Optoacoustic (OA) Tomography produces images of the absorbed optical energy in acoustic sources generated in the tissue volume by nanosecond laser pulses. OAT combines advantages of optical illumination (high contrast and molecular specificity) and ultrasound detection (high resolution and depth of imaging)

LOUIS-3D implements the optoacoustic technology for imaging the small animals for imaging the vasculature, organs, skeletal system and the skin. The volumetric images give us:

3D Mouse Optoacoustic Imaging System

The system demonstrated its capability to display quantitatively accurate contrast of vasculature, bones and various organs based on variations in blood content. When combined with targeted contrast agents, LOIS-3D images of tissue can be obtained with molecular specificity. Thus, LOUIS-3D system is useful in biomedical research involving animal models.

Functional Imaging

Functional optoacoustic imaging provides measurement of [Hb] and [HbO] (hematocrit) in tissues and blood vessels, assessment of heart function and blood flow. It allows for assessment of tumor angiogenesis, angiography, detection and characterization of stroke and traumatic injury of the brain.

Arterial system of a mouse at 1064nm/757nm
Venous system of a mouse at 1064nm/757nm
Optoacoustic imaging of a live mouse brain, total hemoglobin map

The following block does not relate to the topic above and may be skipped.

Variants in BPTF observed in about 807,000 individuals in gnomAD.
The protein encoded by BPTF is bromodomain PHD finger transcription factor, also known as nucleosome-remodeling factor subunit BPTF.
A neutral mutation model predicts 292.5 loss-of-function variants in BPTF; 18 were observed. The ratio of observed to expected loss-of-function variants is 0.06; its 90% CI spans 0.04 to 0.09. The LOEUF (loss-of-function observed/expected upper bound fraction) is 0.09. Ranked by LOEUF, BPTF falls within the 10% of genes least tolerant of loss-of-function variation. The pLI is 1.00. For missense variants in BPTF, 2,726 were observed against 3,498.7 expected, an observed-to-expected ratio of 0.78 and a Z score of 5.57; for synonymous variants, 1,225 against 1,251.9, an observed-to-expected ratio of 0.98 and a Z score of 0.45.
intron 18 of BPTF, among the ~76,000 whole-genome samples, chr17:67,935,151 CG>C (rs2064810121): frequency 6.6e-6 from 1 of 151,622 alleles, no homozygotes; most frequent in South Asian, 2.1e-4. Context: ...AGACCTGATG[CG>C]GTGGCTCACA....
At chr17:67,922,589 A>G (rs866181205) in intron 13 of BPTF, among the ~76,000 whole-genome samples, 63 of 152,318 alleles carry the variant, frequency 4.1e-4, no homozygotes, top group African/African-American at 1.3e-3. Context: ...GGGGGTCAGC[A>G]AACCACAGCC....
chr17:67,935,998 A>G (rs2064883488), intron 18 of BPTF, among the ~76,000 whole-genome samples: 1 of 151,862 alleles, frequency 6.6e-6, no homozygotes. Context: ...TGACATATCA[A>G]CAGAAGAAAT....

Molecular Imaging

Molecular optoacoustic imaging can show distribution of cellular receptors with targeted nanoparticle agents. It is also useful for studies into kinetic and dynamic distribution of contrast agents.

The images to the right are molecular optoacoustic images of the tumor seen in the picture above.

Image 2D Projections: Mouse Injected with Contrast Agent

After intravenous injection of PEGylated gold nanorods as contrast agent, microvasculature as small as 50 micron in soft tissue and even bones (ribs and spine) was visualized even though the system spatial resolution is only 500 micron. Redistribution kinetics of gold nanorods (GNR) was observed in tissue showing presence of GNR in the vasculature shortly after injection, then gradual transfer of the contrast to the organs (such as liver and spleen) serving as filters for nanoparticles.